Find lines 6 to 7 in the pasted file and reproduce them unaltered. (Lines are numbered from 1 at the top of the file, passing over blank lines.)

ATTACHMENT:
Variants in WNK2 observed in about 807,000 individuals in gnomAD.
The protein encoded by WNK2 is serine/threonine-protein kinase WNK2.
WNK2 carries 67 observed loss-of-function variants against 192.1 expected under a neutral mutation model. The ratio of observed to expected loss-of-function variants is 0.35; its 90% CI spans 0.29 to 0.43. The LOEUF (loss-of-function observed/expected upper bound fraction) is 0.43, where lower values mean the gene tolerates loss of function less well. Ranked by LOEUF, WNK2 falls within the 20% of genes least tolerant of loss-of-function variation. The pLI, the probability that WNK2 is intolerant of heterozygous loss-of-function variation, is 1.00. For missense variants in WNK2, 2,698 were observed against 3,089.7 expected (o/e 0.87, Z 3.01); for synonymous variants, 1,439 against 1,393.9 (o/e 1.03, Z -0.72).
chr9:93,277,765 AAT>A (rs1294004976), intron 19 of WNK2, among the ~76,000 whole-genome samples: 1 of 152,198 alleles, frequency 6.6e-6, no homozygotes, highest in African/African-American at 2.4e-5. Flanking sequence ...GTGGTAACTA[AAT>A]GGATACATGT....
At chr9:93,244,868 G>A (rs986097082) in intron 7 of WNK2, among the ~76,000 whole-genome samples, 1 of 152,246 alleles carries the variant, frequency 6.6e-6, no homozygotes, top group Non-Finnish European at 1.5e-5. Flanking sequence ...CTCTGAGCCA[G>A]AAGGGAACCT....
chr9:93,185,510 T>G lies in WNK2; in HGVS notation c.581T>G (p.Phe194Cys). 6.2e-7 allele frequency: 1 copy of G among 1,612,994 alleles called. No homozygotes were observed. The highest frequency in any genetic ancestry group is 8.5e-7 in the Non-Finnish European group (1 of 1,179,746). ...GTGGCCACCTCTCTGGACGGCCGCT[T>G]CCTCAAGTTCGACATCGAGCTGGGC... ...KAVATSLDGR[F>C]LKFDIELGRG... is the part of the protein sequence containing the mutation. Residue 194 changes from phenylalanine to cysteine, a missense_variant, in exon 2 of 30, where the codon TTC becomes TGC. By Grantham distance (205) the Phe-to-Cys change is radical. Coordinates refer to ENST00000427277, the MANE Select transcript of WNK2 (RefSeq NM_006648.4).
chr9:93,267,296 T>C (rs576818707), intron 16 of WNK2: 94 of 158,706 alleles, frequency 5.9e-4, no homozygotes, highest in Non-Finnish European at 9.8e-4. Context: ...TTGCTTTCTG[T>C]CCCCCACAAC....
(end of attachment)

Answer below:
chr9:93,185,510 T>G lies in WNK2; in HGVS notation c.581T>G (p.Phe194Cys). 6.2e-7 allele frequency: 1 copy of G among 1,612,994 alleles called. No homozygotes were observed. The highest frequency in any genetic ancestry group is 8.5e-7 in the Non-Finnish European group (1 of 1,179,746). ...GTGGCCACCTCTCTGGACGGCCGCT[T>G]CCTCAAGTTCGACATCGAGCTGGGC... ...KAVATSLDGR[F>C]LKFDIELGRG... is the part of the protein sequence containing the mutation. Residue 194 changes from phenylalanine to cysteine, a missense_variant, in exon 2 of 30, where the codon TTC becomes TGC. By Grantham distance (205) the Phe-to-Cys change is radical. Coordinates refer to ENST00000427277, the MANE Select transcript of WNK2 (RefSeq NM_006648.4).
chr9:93,267,296 T>C (rs576818707), intron 16 of WNK2: 94 of 158,706 alleles, frequency 5.9e-4, no homozygotes, highest in Non-Finnish European at 9.8e-4. Context: ...TTGCTTTCTG[T>C]CCCCCACAAC....